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Pentagon tightens rules on military interaction with media

(RSF/IFEX) - Defence secretary Robert Gates has decreed stricter rules for military contacts with the media. In a three-page memo sent to all senior military and civilian officials in the defence department on 2 July 2010, Gates said they had "grown lax" in recent months and often contravened the established rules and procedures.

"I have said many times that we must strive to be as open, accessible and transparent as possible," Gates said in the memo. However, he added, "leaking of classified information is against the law, cannot be tolerated and will, when proven, lead to the prosecution of those found to be engaged in such activity."

Even divulging unclassified information on "sensitive" issues will be subject to sanctions. Gates said in his memo that all senior military officers would now have to notify the office of the Defence Department's assistant secretary for public affairs before giving interviews.

Reporters Without Borders is disturbed by the decision to tighten restrictions on military relations with the media. The authorities clearly have a right to protect classified information but these restrictions could complicate journalists' work and make it harder for them to access information. The use of the term "sensitive" also needs to be clarified as it is too vague and lends itself to too wide a range of interpretations.

The Gates memo has been issued at a time when the Pentagon is already trying to reduce and block access to sources of information in contravention of the Freedom of Information Act. In May, four journalists were banned from covering trials at the US military base in Guantanamo Bay, Cuba.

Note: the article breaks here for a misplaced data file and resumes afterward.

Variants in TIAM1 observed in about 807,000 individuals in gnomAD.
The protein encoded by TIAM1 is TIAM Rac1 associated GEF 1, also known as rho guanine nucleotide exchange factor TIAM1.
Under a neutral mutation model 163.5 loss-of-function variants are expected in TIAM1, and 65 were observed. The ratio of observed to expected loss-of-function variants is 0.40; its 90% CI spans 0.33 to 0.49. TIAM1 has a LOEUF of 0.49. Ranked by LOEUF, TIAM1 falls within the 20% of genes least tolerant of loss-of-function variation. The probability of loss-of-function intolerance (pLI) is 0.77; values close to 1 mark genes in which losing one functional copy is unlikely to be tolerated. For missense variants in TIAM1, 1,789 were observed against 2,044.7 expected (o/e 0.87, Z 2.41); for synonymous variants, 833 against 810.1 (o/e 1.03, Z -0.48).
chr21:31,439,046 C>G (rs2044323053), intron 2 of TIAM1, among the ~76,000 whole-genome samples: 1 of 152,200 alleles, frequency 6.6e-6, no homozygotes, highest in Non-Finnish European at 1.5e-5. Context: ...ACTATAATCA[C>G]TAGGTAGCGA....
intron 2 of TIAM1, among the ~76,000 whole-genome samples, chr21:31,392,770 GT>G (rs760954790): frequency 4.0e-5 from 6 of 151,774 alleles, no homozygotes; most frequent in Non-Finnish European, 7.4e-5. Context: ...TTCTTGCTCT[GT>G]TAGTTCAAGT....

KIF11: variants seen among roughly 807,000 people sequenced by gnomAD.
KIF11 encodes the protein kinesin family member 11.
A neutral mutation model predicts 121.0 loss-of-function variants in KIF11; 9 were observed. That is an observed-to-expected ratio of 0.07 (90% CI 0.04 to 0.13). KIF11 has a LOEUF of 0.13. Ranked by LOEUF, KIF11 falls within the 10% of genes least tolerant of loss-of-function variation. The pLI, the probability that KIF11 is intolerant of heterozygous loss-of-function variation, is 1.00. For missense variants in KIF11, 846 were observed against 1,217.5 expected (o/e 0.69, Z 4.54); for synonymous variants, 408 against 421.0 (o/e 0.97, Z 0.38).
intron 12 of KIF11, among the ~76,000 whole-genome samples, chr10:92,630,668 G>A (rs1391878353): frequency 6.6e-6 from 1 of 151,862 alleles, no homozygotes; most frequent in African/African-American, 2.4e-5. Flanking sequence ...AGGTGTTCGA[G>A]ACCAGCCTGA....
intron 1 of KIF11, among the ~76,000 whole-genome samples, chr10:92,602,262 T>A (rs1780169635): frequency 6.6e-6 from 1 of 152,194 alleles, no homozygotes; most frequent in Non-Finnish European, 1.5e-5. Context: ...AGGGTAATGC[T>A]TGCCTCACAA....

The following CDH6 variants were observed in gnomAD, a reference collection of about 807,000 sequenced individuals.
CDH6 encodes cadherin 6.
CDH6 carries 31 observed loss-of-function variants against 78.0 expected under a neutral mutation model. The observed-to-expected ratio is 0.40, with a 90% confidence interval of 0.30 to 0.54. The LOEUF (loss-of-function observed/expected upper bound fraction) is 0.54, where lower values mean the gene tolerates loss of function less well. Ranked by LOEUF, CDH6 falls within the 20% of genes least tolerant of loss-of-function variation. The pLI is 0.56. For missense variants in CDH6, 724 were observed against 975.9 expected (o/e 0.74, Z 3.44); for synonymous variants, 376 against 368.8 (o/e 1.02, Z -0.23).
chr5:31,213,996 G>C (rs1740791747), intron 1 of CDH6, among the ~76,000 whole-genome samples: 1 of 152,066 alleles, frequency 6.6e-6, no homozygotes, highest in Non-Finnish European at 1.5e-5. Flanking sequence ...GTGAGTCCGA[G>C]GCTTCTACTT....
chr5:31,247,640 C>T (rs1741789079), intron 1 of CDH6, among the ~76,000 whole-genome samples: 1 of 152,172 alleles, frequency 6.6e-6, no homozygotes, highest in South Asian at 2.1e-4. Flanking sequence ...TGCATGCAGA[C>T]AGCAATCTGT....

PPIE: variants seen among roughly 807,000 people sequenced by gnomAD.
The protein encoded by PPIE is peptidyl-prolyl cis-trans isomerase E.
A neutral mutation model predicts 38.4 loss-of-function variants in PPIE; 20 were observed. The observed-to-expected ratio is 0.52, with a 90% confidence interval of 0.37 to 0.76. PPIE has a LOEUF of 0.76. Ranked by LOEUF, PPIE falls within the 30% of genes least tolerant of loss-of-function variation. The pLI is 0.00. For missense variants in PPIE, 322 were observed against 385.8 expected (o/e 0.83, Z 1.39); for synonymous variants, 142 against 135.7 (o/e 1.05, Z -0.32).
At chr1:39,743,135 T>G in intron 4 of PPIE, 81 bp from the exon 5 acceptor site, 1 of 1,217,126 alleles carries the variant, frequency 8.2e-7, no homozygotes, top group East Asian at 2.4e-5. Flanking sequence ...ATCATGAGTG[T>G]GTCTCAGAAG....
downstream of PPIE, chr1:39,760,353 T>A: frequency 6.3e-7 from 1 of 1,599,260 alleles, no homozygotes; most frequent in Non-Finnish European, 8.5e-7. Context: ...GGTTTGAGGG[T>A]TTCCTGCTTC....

Comments by Gen. Stanley McChrystal that were quoted in the 25 June issue of the magazine "Rolling Stone" led to his dismissal as commander of the US forces in Afghanistan. President Barack Obama said he had failed to "meet the standard that should be set by a commanding general."

In a government department in which the rules are already very strict, the memo raises the issue of transparency. So much prior control on interaction with the media could result in a totally uniform discourse that renders the military's activities and operations even more opaque.

The new rules revive the debate about the US government's lack of transparency in the wake of the controversial posting of a video on Wikileaks showing a US helicopter strike in Baghdad in July 2007 in which two employees of the Reuters news agency and a dozen other civilians were targeted and killed. Wikileaks said the video, posted on 5 April, came from "military sources".

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